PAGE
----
Today, my homework assignment was to find a chapter in our text book, One Continuous Mistake by Gail Sher and write a one page opinion of the chapter and how it relates to our world as new writers.
Although I have been writing for a living in the marketing, online content space, I am very new when it comes to creative writing. I am very much enjoying this class; the energy from the students and the fresh perspective from the professor. Not to mention the chance to get out of the house….
So I selected the chapter entitled A Writing Habit in which the author talks of the importance of writing everyday. She sites several famous author’s thoughts on the subject including Emerson, Thoreau and Woolfe. Here are my thoughts:
A Writing Habit
As a wannabe writer, a desire that dates back to creating stories out of my weekly vocabulary words in fourth grade, I understand the premise that writers write. And it is with good intentions that I purchase beautiful lined journals for the soul purpose of capturing my random thoughts. However, like with any other “should” in life, I allow distractions to keep me from my focus.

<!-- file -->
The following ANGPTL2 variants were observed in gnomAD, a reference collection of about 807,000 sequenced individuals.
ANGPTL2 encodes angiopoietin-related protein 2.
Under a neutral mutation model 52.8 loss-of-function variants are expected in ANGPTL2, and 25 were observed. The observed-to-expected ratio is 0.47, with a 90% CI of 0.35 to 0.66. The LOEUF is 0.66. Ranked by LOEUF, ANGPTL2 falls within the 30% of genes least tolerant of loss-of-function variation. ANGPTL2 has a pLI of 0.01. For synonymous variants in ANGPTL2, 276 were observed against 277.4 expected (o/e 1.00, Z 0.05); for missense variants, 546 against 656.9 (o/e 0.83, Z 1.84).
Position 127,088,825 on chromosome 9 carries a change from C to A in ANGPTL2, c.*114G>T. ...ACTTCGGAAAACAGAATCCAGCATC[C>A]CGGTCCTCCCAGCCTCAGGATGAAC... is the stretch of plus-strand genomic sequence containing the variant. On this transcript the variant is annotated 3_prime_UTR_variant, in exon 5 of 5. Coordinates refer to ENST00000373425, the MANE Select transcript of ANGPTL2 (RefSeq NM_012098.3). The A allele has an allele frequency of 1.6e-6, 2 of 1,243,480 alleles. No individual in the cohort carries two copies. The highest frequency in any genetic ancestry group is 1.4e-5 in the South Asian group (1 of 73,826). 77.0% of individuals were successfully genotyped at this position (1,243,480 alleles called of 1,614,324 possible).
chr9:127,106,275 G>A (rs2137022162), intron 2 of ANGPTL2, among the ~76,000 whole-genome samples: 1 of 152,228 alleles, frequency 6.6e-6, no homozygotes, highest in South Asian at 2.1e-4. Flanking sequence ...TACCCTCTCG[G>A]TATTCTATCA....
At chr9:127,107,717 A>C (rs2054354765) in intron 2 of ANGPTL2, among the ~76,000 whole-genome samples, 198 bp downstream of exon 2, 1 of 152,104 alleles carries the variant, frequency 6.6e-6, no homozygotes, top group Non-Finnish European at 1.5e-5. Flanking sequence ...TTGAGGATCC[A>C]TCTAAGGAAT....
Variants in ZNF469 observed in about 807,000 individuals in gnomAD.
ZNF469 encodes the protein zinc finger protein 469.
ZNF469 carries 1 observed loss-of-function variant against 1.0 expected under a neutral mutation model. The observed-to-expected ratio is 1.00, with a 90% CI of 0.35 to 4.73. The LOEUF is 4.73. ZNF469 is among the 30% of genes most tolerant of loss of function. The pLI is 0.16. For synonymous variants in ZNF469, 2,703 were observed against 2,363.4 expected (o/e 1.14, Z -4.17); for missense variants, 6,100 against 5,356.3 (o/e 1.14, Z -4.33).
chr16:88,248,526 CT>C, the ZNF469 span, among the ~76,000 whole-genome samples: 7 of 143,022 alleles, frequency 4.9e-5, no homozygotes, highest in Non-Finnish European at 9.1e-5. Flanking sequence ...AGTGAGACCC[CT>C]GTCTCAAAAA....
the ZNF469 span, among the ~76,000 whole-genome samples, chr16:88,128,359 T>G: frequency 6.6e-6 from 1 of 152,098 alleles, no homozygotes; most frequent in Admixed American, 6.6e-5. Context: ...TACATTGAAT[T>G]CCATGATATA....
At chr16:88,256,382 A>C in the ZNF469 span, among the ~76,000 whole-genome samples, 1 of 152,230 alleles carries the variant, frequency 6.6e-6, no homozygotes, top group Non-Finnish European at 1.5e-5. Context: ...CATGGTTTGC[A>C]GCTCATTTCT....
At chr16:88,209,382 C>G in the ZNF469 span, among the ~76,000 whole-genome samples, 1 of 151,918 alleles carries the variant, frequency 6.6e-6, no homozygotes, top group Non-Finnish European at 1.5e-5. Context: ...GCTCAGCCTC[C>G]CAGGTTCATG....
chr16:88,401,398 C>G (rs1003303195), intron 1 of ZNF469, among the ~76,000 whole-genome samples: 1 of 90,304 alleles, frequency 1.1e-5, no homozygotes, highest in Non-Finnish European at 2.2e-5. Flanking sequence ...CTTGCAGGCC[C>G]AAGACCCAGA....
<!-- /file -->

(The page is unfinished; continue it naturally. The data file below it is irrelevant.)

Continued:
As I skimmed the Table of Contents of One Continuous Mistake, the chapter The Writing Habit captured my attention. I understand the need to create a habit. I believe in the importance of writing every day and in fact have managed to journal most days for the past thirty years of my life. Some weeks I am more faithful to my writing responsibility than others. I imagine that if I examine the pattern, I would find that I write most when stress levels are off the charts.
I have quite a number of journals that chronicle the rise and fall of both of my marriages, the decision to leave the companionable comfort of the corporate world for the unknown life as an entrepreneur and the ultimate decision to chuck my entire life and move across country. However, there is one key element that I have missed according to Gail Sher and other famous writers.
I have never reread anything I have written.
I love the blank page. My fingers itch to fill the white canvas with my self-proclaimed brilliance; either in journal form or marketing content for customers. However, I never review my words. This omission does not stem from a belief that my ideas, once cast in typeface, are too perfect for revision, but rather from a fear of what has been revealed. The thought of driving to the U-Haul storage unit in Fountain Hills, using my key and opening the Pandora’s Box of my memories fills me with enough angst to bring on a tsunami of liquid fire from my posterior.
I am beginning to realize that although creating a habit of writing each day helps with the flow of ideas, sentence structure and word choice, it may be in the rereading of our words that we actually become better writers.